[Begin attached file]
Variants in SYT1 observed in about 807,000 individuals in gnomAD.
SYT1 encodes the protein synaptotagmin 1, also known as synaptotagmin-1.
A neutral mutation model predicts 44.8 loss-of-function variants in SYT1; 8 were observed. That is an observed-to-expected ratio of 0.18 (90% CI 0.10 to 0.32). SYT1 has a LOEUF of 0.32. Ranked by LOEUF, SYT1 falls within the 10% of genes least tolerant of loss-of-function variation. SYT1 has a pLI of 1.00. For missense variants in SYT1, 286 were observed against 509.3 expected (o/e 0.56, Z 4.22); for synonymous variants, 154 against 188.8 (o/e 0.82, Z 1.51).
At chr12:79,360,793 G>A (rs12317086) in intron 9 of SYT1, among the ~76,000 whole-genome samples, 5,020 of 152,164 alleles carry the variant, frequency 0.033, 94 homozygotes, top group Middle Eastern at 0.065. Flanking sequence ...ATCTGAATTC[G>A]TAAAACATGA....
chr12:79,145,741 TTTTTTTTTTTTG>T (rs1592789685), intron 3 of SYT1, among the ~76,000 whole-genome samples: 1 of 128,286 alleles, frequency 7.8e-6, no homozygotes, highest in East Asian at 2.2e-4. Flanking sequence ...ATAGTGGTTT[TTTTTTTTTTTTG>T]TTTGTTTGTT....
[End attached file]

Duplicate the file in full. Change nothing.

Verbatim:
Variants in SYT1 observed in about 807,000 individuals in gnomAD.
SYT1 encodes the protein synaptotagmin 1, also known as synaptotagmin-1.
A neutral mutation model predicts 44.8 loss-of-function variants in SYT1; 8 were observed. That is an observed-to-expected ratio of 0.18 (90% CI 0.10 to 0.32). SYT1 has a LOEUF of 0.32. Ranked by LOEUF, SYT1 falls within the 10% of genes least tolerant of loss-of-function variation. SYT1 has a pLI of 1.00. For missense variants in SYT1, 286 were observed against 509.3 expected (o/e 0.56, Z 4.22); for synonymous variants, 154 against 188.8 (o/e 0.82, Z 1.51).
At chr12:79,360,793 G>A (rs12317086) in intron 9 of SYT1, among the ~76,000 whole-genome samples, 5,020 of 152,164 alleles carry the variant, frequency 0.033, 94 homozygotes, top group Middle Eastern at 0.065. Flanking sequence ...ATCTGAATTC[G>A]TAAAACATGA....
chr12:79,145,741 TTTTTTTTTTTTG>T (rs1592789685), intron 3 of SYT1, among the ~76,000 whole-genome samples: 1 of 128,286 alleles, frequency 7.8e-6, no homozygotes, highest in East Asian at 2.2e-4. Flanking sequence ...ATAGTGGTTT[TTTTTTTTTTTTG>T]TTTGTTTGTT....